RACINE COUNTY – Racine County officials, with a strong focus on water safety, will deploy high-tech devices and a big public information push to help prevent drownings and accidents on Lake Michigan.
About $150,000 will be spent on sophisticated equipment – including drones, remote-control life rafts and satellite-linked signage – plus training and coordination for lifeguards and rescue personnel. It’s all intended to prevent a repeat of a deadly 2021 summer when drowning incidents at Zoo Beach and North Beach claimed five lives.
“This is a big investment. As we head into the summer months, we understand the urgency to keep our residents and visitors safe,” said Andrew Goetz, Racine County’s communications and media relations director, speaking of water safety. “We’re taking a multi-pronged approach.”
The initial step, starting Memorial Day weekend, is a public information blitz to remind people about staying safe around water. Fliers and printed materials on water safety, currently in production, will be distributed throughout the community at YMCA locations, community centers, libraries, etc. A 17-minute video, produced by the Racine Unified School District, the City of Racine and the Racine County Sheriff’s Office, is planned to debut online in the near future.
Additional steps in the water safety initiative involve purchasing and installing equipment and the training of lifeguards and first responders.
Prominent signage – approximately 4 x 8-feet – will warn people to stay out of the lake near the North Pier breakwater. That location is particularly prone to dangerous rip currents. Other signage related to rip currents and general water safety will continue to be posted along North Beach and Zoo Beach.
Officials are also looking into installing a “no swimming buoy line” in the lake waters adjacent to the North Pier breakwater. That will require coordination with the U.S. Coast Guard and the Wisconsin Department of Natural Resources.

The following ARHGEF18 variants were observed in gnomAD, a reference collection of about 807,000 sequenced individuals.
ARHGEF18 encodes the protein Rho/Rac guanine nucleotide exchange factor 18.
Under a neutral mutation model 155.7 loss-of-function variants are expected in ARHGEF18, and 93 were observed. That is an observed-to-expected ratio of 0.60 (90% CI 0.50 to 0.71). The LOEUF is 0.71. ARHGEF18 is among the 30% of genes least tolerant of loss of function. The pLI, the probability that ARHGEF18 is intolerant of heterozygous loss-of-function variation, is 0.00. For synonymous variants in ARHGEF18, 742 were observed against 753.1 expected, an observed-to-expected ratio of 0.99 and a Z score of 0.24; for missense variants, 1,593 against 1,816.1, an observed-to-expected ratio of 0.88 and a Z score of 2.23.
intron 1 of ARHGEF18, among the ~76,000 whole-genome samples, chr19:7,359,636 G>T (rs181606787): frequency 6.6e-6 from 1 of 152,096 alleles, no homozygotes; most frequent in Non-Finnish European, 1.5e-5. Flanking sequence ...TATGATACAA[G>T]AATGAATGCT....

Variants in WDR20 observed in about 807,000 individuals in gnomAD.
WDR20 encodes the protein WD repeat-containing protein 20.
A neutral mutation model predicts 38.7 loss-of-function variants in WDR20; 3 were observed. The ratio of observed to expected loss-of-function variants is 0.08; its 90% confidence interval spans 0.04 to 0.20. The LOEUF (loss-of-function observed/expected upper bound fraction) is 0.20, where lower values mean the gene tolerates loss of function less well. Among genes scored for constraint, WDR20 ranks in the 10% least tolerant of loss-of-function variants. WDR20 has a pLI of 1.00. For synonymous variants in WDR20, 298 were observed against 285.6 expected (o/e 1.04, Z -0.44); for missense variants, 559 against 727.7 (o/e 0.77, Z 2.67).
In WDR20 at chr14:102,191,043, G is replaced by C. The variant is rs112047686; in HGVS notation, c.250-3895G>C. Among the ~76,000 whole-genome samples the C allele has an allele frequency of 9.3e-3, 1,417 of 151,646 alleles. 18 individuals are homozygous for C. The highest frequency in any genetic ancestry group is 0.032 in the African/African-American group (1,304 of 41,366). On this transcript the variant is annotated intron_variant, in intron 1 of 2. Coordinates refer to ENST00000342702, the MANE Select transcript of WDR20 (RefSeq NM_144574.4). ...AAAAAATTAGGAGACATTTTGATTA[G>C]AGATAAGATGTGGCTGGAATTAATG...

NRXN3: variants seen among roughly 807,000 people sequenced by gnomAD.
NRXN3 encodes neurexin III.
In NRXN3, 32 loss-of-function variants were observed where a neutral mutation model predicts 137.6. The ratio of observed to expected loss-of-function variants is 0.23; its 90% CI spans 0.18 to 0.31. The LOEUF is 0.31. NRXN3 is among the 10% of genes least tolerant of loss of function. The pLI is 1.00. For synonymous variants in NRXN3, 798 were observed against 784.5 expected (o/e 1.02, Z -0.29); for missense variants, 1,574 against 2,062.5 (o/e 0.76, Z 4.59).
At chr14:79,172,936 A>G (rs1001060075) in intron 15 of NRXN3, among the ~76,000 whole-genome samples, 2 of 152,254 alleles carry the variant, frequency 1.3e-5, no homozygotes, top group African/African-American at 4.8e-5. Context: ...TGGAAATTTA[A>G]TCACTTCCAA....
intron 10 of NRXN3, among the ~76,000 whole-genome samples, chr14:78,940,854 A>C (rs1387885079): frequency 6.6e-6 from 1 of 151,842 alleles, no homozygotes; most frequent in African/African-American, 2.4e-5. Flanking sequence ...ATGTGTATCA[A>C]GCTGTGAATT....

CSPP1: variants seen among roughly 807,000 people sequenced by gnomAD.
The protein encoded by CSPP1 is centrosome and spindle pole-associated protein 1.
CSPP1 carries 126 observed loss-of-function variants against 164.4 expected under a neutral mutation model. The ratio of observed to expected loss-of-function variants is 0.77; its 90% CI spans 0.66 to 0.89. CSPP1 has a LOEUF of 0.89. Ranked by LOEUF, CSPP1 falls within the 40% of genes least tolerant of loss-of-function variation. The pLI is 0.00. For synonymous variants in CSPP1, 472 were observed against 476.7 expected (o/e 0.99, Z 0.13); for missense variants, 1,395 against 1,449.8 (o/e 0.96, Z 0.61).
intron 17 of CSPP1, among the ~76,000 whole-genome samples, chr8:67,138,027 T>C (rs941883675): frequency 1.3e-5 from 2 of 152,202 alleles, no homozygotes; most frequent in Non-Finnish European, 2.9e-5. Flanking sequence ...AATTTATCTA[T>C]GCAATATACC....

Technology to supplement lifeguards
Technology will help supplement the beaches’ lifeguards (employed by the City of Racine Department of Parks, Recreation and Cultural Services), who will be at work throughout the summer months. As outlined by Racine County Sheriff’s Office Capt. Brad Friend, the technology includes:
- Electronic warning signs at the beaches linked to National Oceanic and Atmospheric Administration (NOAA) weather radio satellites. The signs will display green, yellow or red signals indicating water safety conditions. “This is similar to the flag system used at a lot of ocean beaches, but won’t require someone to physically change the flags. It will update automatically,” Friend said.
- Inflatable rescue sticks that can be dropped from an Unmanned Aerial Vehicle, or drone, to aid a person in distress. Friend said the rescue device was successfully used in a recent training exercise. The county currently has two standard drones and is looking into purchasing a third that is specially designed for water use.
- EMILY (Emergency Integrated Lifesaving Lanyard), an automated floating rescue device. “It’s basically like a big, motorized life raft,” Friend said. “It can get out to someone a lot quicker than we can with a boat.” Plans call for the purchase of four EMILY devices – two would be stationed at the beach area, one on the Sheriff’s Office emergency response boat (docked at ReefPoint Marina) and one with the Sheriff’s Office Dive Response vehicle (for deployment anywhere in the county).
In addition, the county’s water safety response initiative includes adding an overboard rescue recovery crane to the emergency response boat, search and rescue sonar for the boat and dive team and water-activated GPS strobes for the dive.
The equipment is planned to be purchased and ready for use this summer.
To see an EMILY in action, visit: https://www.emilyrobot.com/.
An investment in water safety
County Executive Jonathan Delagrave announced the planned safety investment in his 2022 State of the County address on May 10. More details were shared in a presentation to the Racine County Board on Tuesday. The funding comes from the county’s general budget.
“We are very focused on keeping people safe. The technology exists, so we’re willing to make the investment,” said Goetz.
“I’m real excited to have this technology and to work with the lifeguards and our responders to make sure everyone is well trained,” said Friend. “A lot of things are happening at once, but the big piece is informing the public about safety.”